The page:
• gathering of evidence
  • precise and clear writing
  • understanding of ethical principles

The LSAT places emphasis on correct reasoning. Courses in logic and critical thinking are especially recommended for students who are interested in pursuing a career in law. But every philosophy course will help in the improvement of reasoning skills. Philosophy majors are routinely among the very top scorers on the LSAT.

The study of philosophy will promote one's understanding of the nature of law, of government, and of the theories behind ethical and legal reasoning.

Law school admission records indicate that philosophy majors were more likely to be admitted to law schools than all other humanities majors and business students, and more likely than almost all social scientists. Our majors routinely apply and are admitted to law schools.

Students who are pre-law or studying for law-related professions are recommended to take one or more of the following courses:

  • Introduction to Logic
  • Critical Reasoning
  • Ethical Theory
  • Introduction to Social and Political Philosophy
  • History of Social and Political Philosophy
  • Environmental Ethics
  • Epistemology
  • Philosophy of Law

Students majoring in Philosophy and in Ethics and Religion tend to do very well on the Graduate Record Exam (GRE). The GRE is usually required for graduate school admission. A study showed that of students who took the GRE, those planning graduate study in philosophy scored higher on the verbal and analytic writing sections of the exam than all other students. On the quantitative section, philosophy majors outscored all others majoring in a humanities field and were outscored only by those majoring in fields that required considerable mathematics (e.g., mathematics and physics).

Students who intend to do graduate work in philosophy are strongly recommended to maintain a GPA of 3.5 or higher, write a polished philosophy paper, and take the following courses:

  • An upper-division course in logic
  • Epistemology
  • Metaphysics
  • Ethical Theory
  • An upper-division course in the history of philosophy

Competition for admission to graduate school in philosophy is extremely high in the best departments. Majors should plan ahead and discuss their plans with their advisor.

Career Preparation

Philosophy majors go into careers as diverse as teaching, law, research, public administration, and journalism. The skills gained from a philosophy degree—critical thinking, writing, and more—will serve students well for the remainder of their lives.

According to data from PayScale, the mid-career salary of philosophy majors is $84,100. They rank in the top 100 of all academic fields for mid-career salaries, besting graduates in business administration, political science, pre-medicine, biology, psychology, and journalism. This salary statistic probably reflects the many philosophy majors who double-major or go on to earn advanced degrees, but it is telling for the usefulness of philosophy as a major.1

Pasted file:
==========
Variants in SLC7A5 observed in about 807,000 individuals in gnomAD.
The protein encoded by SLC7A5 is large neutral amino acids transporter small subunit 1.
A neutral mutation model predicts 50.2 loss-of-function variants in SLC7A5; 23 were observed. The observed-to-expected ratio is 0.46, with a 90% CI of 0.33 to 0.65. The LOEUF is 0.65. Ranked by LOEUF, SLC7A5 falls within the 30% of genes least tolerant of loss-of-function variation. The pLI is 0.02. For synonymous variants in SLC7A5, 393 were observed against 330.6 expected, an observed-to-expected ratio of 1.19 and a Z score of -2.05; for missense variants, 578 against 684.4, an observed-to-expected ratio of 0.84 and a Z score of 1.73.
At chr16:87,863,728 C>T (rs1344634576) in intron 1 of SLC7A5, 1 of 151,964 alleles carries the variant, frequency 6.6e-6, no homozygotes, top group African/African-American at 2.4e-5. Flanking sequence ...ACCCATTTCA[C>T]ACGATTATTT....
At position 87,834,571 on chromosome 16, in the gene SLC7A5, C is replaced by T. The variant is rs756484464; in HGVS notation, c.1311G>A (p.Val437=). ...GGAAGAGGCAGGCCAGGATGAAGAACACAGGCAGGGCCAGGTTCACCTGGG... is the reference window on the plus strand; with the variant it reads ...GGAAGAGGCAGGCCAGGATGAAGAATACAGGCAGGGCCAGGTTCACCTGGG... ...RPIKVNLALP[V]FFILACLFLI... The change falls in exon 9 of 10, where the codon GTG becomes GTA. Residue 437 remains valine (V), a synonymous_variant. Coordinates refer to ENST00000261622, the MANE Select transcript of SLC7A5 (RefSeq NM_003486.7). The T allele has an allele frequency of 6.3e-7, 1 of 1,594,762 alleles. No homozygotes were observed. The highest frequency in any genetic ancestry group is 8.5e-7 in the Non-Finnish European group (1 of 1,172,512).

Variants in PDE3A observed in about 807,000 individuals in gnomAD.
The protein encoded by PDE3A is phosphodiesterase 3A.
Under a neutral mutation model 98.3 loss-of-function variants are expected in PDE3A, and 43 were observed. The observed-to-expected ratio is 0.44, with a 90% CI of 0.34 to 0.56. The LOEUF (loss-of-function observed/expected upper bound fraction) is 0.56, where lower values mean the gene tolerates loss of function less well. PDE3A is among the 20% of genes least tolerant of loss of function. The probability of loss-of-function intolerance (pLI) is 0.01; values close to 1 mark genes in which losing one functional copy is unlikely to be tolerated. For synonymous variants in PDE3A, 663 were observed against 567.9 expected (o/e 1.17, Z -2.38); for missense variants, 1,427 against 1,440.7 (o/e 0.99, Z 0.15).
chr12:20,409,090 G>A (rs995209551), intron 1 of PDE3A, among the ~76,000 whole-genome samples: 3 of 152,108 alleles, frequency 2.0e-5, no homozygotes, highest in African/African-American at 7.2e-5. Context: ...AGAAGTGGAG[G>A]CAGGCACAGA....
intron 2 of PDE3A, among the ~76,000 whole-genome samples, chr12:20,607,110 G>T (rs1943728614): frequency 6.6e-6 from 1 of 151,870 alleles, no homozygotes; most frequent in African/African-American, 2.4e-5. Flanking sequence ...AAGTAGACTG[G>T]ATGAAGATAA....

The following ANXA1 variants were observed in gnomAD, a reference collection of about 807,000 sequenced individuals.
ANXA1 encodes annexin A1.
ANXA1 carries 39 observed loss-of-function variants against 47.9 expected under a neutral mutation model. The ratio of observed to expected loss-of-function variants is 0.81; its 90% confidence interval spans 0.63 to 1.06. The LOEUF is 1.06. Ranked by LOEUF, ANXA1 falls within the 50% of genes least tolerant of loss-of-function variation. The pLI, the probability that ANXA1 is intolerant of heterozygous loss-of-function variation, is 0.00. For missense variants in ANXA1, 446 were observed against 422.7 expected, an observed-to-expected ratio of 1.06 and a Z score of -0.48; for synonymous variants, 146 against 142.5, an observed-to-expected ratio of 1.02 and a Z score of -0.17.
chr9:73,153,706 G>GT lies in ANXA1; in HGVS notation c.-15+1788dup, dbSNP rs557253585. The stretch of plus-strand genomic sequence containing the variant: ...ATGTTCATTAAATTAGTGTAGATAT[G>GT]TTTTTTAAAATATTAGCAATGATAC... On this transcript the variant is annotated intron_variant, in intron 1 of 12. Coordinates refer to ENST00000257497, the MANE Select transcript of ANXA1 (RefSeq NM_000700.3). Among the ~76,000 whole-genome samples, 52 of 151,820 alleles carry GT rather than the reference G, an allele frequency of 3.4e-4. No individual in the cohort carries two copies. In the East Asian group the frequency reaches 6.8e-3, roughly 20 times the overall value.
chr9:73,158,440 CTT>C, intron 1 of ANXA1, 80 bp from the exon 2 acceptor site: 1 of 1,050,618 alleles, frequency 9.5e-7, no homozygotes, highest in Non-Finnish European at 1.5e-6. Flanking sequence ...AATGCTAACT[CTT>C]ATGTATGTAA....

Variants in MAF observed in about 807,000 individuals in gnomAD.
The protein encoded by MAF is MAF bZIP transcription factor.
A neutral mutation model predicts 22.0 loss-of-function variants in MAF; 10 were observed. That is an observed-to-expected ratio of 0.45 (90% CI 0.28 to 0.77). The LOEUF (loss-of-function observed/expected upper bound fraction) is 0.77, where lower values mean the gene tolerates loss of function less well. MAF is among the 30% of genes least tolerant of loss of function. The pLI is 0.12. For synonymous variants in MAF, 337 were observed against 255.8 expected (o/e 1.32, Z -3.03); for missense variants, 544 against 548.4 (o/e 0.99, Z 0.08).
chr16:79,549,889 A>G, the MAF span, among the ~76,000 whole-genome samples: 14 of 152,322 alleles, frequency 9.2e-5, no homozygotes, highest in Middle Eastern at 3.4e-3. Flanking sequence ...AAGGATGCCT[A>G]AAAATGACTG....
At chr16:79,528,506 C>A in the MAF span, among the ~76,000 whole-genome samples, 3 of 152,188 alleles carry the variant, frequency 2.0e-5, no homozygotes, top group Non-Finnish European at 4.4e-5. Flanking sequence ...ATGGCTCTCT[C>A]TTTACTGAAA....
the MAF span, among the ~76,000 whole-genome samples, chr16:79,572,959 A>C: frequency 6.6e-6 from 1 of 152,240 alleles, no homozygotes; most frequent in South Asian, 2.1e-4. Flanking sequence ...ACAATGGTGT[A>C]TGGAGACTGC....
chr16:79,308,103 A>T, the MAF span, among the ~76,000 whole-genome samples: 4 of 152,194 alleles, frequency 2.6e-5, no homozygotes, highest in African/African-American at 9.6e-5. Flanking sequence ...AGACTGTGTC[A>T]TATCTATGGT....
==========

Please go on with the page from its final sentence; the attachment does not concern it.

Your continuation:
1. Data from Washington Post

Skill Development


Thinking philosophically requires one to contemplate multiple positions and generate new solutions to problems. Original thoughts are prized, imagination is cultivated, and rich conversations result.


Writing philosophically involves presenting arguments in a compelling and sympathetic fashion. Workshops and reading- and writing-intensive classes develop students' ability to construct clear, coherent papers.

Problem Solving

Problem-solving skills are invaluable when contemplating issues of knowledge, reality, and existence. Philosophers must define problems and work together and individually on solutions.

Analytical Thinking

Philosophers must comprehend, analyze, and respond to arguments. They use critical thinking to logically assess information and complex concepts. Philosophy is training for the brain.

For more information about the skills gained by and career paths for philosophy majors, see Best Colleges' article Careers for Philosophy Majors.

“Philosophy majors get a bad rap,” said NBC journalist Katy Tur. “People like to assume we are bloviators. . . . I would argue that for the vast majority of people, an education of teaching you to think critically about the world you are in and what you know and what you don’t know is useful for absolutely everything that you could possibly do in the future.”

Depending on your interests and goals, a philosophy major, double major, or minor might be best for you. Speak with an advisor about your options, and come to some of the philosophy department's events to get a feel for what we do. You may find that you like us, and philosophy, more than you planned!